What is a Root Canal?
Root canals have been getting a bad rap, being called names like “painful” and “lengthy.” We can’t sit idly by and let that happen. It’s time for us to put a stop to these rumors by explaining what root canals are and dispelling several myths surrounding them.
Many myths surrounding root canals are based on old methods and images people see on television. However, modern day root canals use new technology that makes the procedure relatively quick and painless. Before we begin the debunking, let’s explain what a root canal is.
Why Someone Would Need a Root Canal
To understand why someone would need a root canal, we need to focus on the nerves inside teeth. The nerve of a tooth is really only important for the formation of the tooth itself. Once the tooth is formed, the nerve is only necessary for taking up space within the tooth.
That being said, if the nerve dies, you have a big problem on your hands. That’s because when a nerve dies, it leaves an empty space under the tooth, which is ideal for bacterial growth.
Once bacteria invades the space, it multiplies rapidly, spitting out more bacteria at the end of the tooth’s root where the nerve and blood vessels used to be. A root canal fills this space with a rubber-like material called gutta-percha to kill and prevent bacteria from invading.
It’s also crucial to restore the tooth after the root canal has been completed. Following the procedure, the tooth’s neck (where the tooth meets the root) is going to be very weak.
So, once the procedure is complete, your dentist will need to reinforce the neck of the tooth with a reinforcement post. Finally, they’ll seal the tooth to prevent bacteria from re-invading.
There are many things that can cause a nerve to get sick, but it’s typically triggered by a deep cavity, severe gum disease or trauma, such as a tooth chipping or cracking. Both of these issues can cause the nerve to become directly exposed to air, which leads it to become sick and die.
If this happens, it’s important to schedule an appointment with your dentist right away. Here are some signs that you might need a root canal:
- Tooth sensitivity to hot
- Tooth sensitivity upon biting or releasing your bite
- Spontaneous tooth pain or throbbing
- Headache medications not working
- Hard time sleeping
- If putting cold water on your tooth gives it relief
- Lingering pain for minutes or hours
Dispelling Some Root Canal Myths
There’s a lot of misinformation surrounding root canals that often leaves people feeling petrified of the procedure. In reality, root canals are nothing to be afraid of. Here, we will dispel three common rumors surrounding root canals:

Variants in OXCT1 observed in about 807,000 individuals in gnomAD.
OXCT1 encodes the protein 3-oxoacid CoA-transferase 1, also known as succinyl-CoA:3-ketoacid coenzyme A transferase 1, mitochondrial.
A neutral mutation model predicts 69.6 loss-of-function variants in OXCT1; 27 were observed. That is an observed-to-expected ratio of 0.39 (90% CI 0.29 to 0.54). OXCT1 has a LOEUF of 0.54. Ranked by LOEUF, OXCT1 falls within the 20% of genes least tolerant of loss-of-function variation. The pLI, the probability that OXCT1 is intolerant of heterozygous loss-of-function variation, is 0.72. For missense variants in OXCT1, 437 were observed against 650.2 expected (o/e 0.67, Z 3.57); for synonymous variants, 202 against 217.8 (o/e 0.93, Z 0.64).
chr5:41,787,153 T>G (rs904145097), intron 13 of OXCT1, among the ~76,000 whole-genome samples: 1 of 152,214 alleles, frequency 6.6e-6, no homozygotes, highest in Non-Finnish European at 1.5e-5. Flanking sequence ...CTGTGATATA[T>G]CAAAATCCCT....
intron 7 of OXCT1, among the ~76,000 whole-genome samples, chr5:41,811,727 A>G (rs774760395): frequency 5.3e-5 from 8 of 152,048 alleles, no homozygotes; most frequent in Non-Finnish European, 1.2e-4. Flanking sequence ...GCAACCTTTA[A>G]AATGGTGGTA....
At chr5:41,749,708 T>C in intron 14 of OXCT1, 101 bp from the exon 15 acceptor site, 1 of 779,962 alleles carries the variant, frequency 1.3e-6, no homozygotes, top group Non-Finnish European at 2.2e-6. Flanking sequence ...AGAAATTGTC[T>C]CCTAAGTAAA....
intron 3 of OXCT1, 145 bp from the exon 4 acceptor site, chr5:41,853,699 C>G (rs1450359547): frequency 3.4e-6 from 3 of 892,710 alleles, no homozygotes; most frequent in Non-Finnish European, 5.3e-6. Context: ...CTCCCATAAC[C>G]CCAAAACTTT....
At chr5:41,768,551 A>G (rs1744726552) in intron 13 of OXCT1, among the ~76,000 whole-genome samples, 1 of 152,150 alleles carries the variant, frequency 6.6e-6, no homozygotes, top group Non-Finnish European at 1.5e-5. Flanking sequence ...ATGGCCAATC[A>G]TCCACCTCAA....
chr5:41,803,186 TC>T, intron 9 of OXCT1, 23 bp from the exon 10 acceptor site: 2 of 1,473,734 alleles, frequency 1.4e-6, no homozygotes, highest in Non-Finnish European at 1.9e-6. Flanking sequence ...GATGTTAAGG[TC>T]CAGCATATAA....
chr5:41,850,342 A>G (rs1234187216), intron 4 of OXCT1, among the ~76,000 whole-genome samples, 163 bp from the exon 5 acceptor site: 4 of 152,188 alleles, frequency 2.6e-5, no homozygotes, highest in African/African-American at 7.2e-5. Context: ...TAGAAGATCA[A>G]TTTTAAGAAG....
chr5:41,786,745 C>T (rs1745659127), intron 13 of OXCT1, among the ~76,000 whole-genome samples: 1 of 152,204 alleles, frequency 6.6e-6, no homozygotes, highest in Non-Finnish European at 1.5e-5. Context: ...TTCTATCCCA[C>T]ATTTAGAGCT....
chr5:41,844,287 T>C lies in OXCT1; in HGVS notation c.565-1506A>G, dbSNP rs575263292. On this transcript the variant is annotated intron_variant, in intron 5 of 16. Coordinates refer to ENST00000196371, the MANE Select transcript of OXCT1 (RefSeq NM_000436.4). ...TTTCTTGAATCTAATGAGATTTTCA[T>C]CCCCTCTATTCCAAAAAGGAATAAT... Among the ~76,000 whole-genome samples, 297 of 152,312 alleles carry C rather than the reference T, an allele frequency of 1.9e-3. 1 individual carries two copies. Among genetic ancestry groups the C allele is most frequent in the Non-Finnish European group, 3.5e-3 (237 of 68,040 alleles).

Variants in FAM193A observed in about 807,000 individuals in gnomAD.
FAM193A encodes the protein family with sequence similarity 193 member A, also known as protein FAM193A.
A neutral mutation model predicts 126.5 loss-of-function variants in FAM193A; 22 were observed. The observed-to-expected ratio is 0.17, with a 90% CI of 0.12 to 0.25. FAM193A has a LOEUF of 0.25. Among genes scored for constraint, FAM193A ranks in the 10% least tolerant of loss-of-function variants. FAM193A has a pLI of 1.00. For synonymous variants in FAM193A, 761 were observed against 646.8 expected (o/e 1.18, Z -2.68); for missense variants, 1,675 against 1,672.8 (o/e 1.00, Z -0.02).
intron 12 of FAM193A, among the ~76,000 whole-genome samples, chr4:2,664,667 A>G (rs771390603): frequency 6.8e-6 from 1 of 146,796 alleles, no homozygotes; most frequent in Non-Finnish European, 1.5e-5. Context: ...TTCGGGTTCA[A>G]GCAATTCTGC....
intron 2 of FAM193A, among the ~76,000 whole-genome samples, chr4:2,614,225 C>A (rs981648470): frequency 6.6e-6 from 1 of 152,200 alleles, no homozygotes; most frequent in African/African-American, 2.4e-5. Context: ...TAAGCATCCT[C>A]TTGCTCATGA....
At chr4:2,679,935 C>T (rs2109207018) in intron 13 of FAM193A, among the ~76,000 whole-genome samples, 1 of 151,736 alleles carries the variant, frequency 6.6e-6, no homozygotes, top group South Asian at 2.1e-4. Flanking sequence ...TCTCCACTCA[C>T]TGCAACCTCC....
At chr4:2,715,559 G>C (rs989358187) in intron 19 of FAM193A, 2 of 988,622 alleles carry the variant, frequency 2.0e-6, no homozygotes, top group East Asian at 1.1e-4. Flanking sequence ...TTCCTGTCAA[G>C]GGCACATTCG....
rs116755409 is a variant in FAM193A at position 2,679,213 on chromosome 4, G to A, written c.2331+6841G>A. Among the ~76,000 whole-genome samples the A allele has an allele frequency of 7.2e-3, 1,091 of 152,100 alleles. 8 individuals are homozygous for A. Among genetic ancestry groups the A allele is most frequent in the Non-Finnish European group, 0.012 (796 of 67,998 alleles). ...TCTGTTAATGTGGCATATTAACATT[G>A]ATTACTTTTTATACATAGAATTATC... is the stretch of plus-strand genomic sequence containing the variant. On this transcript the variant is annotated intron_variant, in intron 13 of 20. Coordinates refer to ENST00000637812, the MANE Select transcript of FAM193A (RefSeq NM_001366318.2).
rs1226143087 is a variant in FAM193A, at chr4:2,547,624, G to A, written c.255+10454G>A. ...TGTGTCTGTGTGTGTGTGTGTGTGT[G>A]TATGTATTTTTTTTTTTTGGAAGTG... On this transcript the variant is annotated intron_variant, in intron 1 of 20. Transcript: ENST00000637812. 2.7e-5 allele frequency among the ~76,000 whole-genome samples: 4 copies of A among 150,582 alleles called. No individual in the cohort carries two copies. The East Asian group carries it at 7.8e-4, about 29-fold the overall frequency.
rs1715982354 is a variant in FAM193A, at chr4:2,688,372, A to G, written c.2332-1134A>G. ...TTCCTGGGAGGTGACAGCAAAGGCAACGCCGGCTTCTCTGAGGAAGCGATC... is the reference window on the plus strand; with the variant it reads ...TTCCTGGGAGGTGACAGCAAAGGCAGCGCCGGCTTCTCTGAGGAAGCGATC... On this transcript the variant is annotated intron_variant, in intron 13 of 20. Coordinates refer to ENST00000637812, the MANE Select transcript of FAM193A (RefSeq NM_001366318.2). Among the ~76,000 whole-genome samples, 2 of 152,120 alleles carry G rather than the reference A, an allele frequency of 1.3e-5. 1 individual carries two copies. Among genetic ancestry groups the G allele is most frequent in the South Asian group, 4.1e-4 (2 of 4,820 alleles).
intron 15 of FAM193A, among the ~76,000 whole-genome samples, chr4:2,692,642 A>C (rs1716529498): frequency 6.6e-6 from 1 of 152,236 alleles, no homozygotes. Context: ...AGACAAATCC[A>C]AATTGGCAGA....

1. Myth: “Root canals are uncomfortable during or after”
TRUTH: Root canal treatment should be comfortable.
Because of their portrayal in television and movies (thanks Finding Nemo), many people believe root canals to be extremely painful.
However, with modern anesthetics and technology, root canals are no less uncomfortable than getting a filling. A recent survey by the American Association of Endodontists even showed that patients who have undergone a root canal treatment were six times more likely to describe it as “painless” than those who had never received the treatment.
2. Myth: “Root canals take a long time.”
TRUTH: Root canals with a post AND crown can actually be treated in one visit nowadays.
This myth is once again based on yesteryear’s root canal procedures. Root canals used to be a headache, split into two appointments that took an hour and a half each.
However, with immediate x rays, more effective anesthetics and other technological advancements, root canals are easier than ever. Root canals generally take 40 minutes to 1 hour and 15 minutes. As mentioned, we can now complete the root canal, post AND CAD-CAM crown in a single 2 to 2.5 hours appointment. (This time includes crown fabrication, polishing and preparation when your mouth is not open.)
3. Myth: “Root canals just treat a “tooth” problem.”
TRUTH: Tooth nerve pain is connected directly to your jawbone.
If you think that bacteria invading the space where your nerve used to be is just a “tooth” problem, you’d better think again.
Left untreated, the bacteria can continue to grow into the tissue surrounding the mouth, extending up to the sinuses, eye and brain. This can cause blindness, and in extreme cases, even death.
Despite how root canals are often portrayed, the procedure is relatively quick and painless, not to mention extremely important. Especially if you experience tooth trauma, pay attention to the warning signs. If it turns out you need a root canal, remember that you have nothing to be afraid of.
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